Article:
Left untreated, plantar fasciitis can lead to other problems, doctor says
WEDNESDAY, Dec. 30 (HealthDay News) -- The term "overuse injuries" may bring to mind tennis elbow and jogger's knee, but the sole of the foot is also at risk of injury due to overuse, doctors warn.
The condition, plantar fasciitis, or inflamed tissue and swelling of the sole of the foot, can become chronic if steps aren't taken to relieve it, according to Dr. Benedict DiGiovanni, an associate professor of orthopaedics at the University of Rochester Medical Center.
Weight gain or spending lots of time walking or standing can bring on the condition. The first signs of plantar fasciitis are typically heel pain when stepping out of bed, according to information in a news release from the American Orthopaedic Foot & Ankle Society.
If not dealt with, the pain of plantar fasciitis can worsen and possibly lead to problems with the foot, knee, hip and back due to gait changes. Plantar fasciitis can even impact pro athletes. Last fall, New York Giants quarterback Eli Manning struggled with the condition and a subsequent stress reaction in his foot for most of the season.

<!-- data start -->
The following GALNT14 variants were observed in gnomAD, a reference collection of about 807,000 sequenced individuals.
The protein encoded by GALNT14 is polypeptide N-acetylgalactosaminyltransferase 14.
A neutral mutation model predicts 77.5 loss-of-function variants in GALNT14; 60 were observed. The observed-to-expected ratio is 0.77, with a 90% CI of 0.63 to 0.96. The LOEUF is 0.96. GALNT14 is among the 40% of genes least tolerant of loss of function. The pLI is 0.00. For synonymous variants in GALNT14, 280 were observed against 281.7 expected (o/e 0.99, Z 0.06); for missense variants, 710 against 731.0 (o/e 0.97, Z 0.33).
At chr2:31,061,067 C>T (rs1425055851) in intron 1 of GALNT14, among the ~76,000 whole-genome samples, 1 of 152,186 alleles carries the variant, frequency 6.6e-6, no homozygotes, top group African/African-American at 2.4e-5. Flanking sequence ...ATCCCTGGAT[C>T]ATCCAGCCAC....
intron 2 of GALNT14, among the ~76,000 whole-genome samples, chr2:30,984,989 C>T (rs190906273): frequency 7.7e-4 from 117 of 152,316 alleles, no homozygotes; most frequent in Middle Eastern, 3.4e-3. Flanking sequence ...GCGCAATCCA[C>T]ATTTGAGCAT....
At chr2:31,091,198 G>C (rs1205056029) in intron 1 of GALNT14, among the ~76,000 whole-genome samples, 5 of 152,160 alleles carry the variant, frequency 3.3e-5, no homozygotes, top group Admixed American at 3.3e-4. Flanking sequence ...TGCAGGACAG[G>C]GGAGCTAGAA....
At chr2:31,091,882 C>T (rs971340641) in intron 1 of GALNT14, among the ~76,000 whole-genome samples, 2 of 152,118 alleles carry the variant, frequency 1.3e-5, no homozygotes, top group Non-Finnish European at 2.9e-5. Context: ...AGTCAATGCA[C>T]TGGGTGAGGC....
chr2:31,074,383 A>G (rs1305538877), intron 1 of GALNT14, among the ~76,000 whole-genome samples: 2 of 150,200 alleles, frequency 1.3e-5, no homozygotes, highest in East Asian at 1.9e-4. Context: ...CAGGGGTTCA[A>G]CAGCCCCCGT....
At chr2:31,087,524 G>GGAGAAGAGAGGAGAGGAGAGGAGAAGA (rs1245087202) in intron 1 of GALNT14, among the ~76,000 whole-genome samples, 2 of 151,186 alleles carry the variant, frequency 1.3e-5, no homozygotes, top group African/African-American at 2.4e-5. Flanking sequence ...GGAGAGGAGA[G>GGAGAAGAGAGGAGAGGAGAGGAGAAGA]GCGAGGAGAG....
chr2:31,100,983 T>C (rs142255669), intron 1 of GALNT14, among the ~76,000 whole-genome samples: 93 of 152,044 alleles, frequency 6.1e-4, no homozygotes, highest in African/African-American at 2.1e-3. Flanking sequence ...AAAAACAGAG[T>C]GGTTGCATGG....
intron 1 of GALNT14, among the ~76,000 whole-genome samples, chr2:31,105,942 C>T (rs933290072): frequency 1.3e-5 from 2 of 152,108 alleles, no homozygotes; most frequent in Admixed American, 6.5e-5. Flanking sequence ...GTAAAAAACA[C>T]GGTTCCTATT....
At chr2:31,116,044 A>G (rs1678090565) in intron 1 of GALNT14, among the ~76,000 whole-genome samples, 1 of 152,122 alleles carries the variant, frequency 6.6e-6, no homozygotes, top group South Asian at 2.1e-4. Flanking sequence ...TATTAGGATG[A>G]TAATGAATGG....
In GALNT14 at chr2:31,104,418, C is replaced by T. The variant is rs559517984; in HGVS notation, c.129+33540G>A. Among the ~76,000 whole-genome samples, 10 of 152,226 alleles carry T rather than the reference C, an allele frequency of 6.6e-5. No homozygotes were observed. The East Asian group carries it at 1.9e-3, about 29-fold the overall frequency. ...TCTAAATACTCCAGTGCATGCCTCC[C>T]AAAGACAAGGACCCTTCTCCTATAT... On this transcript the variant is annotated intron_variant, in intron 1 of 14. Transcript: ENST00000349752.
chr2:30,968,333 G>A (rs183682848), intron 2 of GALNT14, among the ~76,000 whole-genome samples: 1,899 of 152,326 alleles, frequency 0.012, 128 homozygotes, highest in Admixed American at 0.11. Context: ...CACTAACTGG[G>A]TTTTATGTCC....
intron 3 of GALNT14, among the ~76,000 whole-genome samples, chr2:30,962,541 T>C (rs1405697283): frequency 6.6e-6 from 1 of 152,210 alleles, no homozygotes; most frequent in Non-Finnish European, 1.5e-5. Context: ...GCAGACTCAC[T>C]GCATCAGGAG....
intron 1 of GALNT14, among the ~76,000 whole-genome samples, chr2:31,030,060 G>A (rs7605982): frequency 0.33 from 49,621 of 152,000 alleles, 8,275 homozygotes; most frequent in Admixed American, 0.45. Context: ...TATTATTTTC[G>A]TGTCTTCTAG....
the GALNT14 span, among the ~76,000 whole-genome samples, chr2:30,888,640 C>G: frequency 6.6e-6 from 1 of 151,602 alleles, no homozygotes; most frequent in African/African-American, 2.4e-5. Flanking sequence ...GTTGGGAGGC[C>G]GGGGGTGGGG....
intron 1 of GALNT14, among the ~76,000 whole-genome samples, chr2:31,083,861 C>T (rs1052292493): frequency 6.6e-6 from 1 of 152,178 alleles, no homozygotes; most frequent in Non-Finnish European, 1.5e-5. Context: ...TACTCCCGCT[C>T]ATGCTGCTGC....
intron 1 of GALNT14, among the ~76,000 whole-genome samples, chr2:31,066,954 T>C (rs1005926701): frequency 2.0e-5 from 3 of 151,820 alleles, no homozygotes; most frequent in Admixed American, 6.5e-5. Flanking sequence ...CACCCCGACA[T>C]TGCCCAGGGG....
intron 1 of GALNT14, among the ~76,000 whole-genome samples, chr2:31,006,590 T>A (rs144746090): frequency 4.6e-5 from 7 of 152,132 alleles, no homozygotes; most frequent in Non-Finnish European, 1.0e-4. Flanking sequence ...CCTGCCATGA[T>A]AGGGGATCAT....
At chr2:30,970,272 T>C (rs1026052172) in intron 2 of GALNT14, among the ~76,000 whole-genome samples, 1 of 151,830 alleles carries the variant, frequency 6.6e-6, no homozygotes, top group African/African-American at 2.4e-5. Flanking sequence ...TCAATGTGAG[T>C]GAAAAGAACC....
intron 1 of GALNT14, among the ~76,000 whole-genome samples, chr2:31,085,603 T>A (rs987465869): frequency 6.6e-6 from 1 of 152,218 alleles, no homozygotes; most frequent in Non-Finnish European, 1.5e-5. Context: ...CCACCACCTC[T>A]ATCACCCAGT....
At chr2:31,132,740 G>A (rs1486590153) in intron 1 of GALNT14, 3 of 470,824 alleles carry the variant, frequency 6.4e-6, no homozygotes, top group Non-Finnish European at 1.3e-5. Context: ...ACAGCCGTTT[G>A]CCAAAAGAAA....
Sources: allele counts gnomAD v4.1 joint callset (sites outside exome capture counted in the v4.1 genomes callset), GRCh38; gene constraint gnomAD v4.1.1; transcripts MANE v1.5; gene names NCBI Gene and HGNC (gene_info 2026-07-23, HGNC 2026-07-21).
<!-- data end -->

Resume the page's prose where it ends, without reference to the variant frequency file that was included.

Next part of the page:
It's hard, of course, to stay off your feet when you have things to do. So, to treat plantar fasciitis, DiGiovanni recommends taking it easy until the initial inflammation subsides, icing the sore area for 20 minutes, three or four times a day, and performing exercises to stretch the Achilles tendon in the back of the lower leg and plantar fascia, or the connective tissue that supports the arch of the foot.
The stretches should be performed before stepping out of bed in the morning and before taking a first step after being inactive for awhile. The stretches should be repeated four or five times per day for the first month, and then as needed, DiGiovanni explained. Also stretch the Achilles tendon twice a day, morning and evening.
Other options include over-the-counter anti-inflammatory medicine, over-the-counter soft arch supports, supportive shoes with shock-absorbing soles or taping the foot to support the arch.
By taking these steps, about 90 percent of people with plantar fasciitis see significant improvements within two months, DiGiovanni said.
If the pain continues or gets worse, orthopedic surgeons often suggest heel injections with steroidal anti-inflammatory medications, walking casts or positional splints.
The American Academy of Orthopaedic Surgeons has more about plantar fasciitis.
-- Jennifer Thomas
SOURCE: American Orthopaedic Foot & Ankle Society, news release, Dec. 21, 2009
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